Especially when they’re coupled with photos of real, live, happy customers, testimonials persuade prospects that your product or service is the solution they’re searching for. (A bonus is that testimonials also give you insight into how to attract new customers and keep your existing customers coming back.)
One of the best ways to showcase social proof is to sprinkle testimonials anywhere they support the rest of your copy. For example, email maven Sarah Anderson has three on her homepage. Unbounce intersperses several on their beautiful page for PPC marketers. The 90-Day Year site features a great series of video case-study testimonials.
Those are standards for best practice.
Now what do you do if . . .
- you have several complex services or products
- that help people in a variety of demographics
- and you have loads of testimonials
- that are totally unorganized?
Continuing to feature friendly-faced testimonials just about everywhere you can is still the key. On your homepage, sales pages, landing pages, in certain kinds of emails, etc.
And for CPI, I took it a step further. Here’s how. Try this if you, too, have (or plan to get) lots of success stories on multiple topics.
CPI gets loads of positive feedback. (That’s the opposite of a problem!) What they struggled with was that feedback staying with the staff who work directly with the customers, and not making its way to the marketers whose job is to spread the word.
Without the voice of the customer, we as marketers were missing a primo tool for persuasion. Our CMO solved that problem by securing TechValidate services. Together, Marvin and I worked with TechVal to strategize and collect both qualitative and quantitative data from thousands of customers. The next step was to edit and publish hundreds of testimonies on TechValidate’s website. (That took my intern an entire summer … only cuz she was fast.)
Our next hurdle was that we now had so much fantastic information that it was hard to drill down. Sales couldn’t find the data specifics that could bolster their calls. Prospects couldn’t find the info that would speak to their specific pain points. Customers couldn’t find the pieces that could help them onboard their colleagues. Everyone was looking for a different needle in a mountainous haystack.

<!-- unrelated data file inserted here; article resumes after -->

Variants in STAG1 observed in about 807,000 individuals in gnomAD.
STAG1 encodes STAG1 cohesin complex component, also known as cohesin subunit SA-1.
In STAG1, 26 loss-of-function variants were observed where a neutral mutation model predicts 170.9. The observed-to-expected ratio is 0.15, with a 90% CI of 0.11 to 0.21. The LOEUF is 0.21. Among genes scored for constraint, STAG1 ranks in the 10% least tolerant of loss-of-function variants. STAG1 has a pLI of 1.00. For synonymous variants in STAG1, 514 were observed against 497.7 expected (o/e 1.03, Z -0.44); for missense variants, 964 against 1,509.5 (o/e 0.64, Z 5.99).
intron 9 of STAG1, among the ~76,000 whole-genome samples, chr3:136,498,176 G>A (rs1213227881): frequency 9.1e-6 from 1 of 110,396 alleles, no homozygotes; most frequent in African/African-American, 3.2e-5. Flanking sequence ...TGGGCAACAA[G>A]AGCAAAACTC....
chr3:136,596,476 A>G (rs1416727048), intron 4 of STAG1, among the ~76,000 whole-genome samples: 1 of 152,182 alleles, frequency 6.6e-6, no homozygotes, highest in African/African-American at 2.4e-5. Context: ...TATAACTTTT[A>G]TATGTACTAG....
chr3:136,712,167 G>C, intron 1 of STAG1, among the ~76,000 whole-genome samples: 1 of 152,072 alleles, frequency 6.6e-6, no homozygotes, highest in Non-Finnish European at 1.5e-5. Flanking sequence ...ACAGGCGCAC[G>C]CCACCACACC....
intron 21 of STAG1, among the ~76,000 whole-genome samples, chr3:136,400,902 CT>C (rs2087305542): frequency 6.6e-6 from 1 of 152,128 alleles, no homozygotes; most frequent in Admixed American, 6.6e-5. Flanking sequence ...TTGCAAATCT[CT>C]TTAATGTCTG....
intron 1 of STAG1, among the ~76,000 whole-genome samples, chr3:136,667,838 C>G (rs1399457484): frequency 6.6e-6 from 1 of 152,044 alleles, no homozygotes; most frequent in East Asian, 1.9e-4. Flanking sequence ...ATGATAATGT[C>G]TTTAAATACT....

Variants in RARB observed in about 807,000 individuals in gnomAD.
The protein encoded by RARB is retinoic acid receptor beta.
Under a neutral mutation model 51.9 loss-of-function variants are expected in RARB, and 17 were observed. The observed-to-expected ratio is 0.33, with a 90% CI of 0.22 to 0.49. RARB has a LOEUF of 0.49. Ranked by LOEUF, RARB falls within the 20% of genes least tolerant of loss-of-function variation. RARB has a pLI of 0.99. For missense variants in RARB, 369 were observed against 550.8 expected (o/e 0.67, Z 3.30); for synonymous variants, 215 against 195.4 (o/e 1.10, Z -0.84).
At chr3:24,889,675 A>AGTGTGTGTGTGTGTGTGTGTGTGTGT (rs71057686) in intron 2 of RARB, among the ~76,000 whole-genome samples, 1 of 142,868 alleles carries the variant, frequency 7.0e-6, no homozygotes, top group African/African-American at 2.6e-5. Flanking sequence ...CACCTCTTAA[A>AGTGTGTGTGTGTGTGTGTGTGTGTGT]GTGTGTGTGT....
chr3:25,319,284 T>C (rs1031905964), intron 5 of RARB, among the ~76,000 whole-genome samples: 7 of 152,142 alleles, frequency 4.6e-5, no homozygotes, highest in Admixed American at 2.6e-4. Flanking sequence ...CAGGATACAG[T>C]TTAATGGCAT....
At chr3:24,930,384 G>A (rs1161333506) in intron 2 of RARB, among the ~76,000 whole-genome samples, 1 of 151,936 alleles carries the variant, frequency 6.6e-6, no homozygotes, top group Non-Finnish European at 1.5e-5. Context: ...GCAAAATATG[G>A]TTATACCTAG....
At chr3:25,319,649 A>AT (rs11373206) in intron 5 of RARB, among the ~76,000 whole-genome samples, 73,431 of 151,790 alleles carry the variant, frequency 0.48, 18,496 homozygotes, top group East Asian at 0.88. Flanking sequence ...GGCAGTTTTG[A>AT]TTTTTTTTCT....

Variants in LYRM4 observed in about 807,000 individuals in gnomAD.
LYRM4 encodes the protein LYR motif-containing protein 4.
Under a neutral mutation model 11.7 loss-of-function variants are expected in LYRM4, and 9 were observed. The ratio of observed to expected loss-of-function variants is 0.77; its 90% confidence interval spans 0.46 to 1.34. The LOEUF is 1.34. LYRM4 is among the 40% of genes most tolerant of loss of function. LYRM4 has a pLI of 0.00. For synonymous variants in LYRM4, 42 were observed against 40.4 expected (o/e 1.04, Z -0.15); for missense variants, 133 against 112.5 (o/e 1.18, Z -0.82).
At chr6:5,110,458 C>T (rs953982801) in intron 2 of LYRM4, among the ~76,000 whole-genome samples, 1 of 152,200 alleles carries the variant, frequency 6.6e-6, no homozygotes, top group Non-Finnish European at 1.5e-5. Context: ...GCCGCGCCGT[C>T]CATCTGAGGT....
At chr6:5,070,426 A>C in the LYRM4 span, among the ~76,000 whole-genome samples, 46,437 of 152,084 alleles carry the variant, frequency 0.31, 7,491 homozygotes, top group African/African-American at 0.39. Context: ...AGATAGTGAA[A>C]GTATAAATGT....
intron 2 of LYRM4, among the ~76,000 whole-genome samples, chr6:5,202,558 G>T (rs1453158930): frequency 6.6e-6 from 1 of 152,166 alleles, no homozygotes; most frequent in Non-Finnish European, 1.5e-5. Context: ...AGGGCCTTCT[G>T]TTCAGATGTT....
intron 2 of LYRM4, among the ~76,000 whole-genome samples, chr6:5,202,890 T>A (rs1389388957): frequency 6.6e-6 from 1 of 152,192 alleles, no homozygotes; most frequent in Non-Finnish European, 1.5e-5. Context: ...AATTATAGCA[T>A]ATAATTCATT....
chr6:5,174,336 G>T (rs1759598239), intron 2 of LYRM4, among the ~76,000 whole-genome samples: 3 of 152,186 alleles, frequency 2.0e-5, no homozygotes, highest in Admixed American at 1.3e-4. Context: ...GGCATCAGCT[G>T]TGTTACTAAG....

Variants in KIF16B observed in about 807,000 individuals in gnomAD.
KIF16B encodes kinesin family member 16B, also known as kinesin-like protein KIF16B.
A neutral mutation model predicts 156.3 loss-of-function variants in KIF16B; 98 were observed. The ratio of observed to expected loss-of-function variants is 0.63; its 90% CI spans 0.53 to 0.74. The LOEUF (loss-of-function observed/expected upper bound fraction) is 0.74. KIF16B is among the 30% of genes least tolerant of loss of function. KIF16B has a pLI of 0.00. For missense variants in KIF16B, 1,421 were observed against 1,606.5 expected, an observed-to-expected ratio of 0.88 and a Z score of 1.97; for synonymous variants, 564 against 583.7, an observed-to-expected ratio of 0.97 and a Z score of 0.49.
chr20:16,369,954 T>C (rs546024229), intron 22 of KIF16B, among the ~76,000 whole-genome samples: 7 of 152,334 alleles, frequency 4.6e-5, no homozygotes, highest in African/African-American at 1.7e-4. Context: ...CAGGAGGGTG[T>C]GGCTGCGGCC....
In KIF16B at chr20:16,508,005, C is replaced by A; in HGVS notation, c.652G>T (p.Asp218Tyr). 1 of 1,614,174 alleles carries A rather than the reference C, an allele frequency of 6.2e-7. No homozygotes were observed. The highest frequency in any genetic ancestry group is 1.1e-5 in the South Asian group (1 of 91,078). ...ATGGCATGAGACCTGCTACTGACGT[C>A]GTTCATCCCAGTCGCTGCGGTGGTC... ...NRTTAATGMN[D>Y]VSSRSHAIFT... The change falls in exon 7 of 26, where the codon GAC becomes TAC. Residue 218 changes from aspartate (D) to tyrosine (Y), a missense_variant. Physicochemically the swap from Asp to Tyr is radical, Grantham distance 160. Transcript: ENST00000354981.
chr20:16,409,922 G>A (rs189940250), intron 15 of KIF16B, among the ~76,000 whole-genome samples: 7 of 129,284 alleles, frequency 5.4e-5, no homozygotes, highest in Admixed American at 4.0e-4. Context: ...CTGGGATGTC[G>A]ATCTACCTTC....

We needed to develop a way to filter all the information, and to host it on CPI’s website. So I wrote and led the development of an Outcomes Hub that allows users to drill the information down to what they’re looking for.
The page we created showcases customer testimonials, and links to deeper case studies. It enables users to filter the information by five categories, each with different options that are unique to different issues in different industries. Spotlighting data we gleaned through TechValidate surveys, articles and academic studies authored by our customers, and a coworker’s outstanding podcast interviews with our customers, this is the ultimate in social proof. The team says it’s crucial to closing sales.
Whether she was collecting hard numbers, telling compelling stories, or both, Erin’s writing highlights the measurable impact our company and our customers have on making the world a better place. Her work evolved our messaging, contributes to the financial growth of our organization, and equips our team with effective, indispensable sales tools.
Marvin Mason,Chief Customer Officer at CPI
As we speak, this page is being redesigned as part of CPI’s new website build (ask me about that too—I wrote the forthcoming copy!). The elements of this page will be integrated all over the beautiful new site. In the meantime, here’s a screenshot of the current page 1:
Quick bites of data like those above are great for visitors who are browsing. And each bite above links to deeper details. Because for prospects who need thorough stats, data, and success stories to be assured of your value, a case study or ten is a must.
I can tell you some simple ways to get great testimonials. And I’m a damn good case study writer. (Check out one I wrote!) If you need a showcase-page strategized, case studies written, or both, hit me up.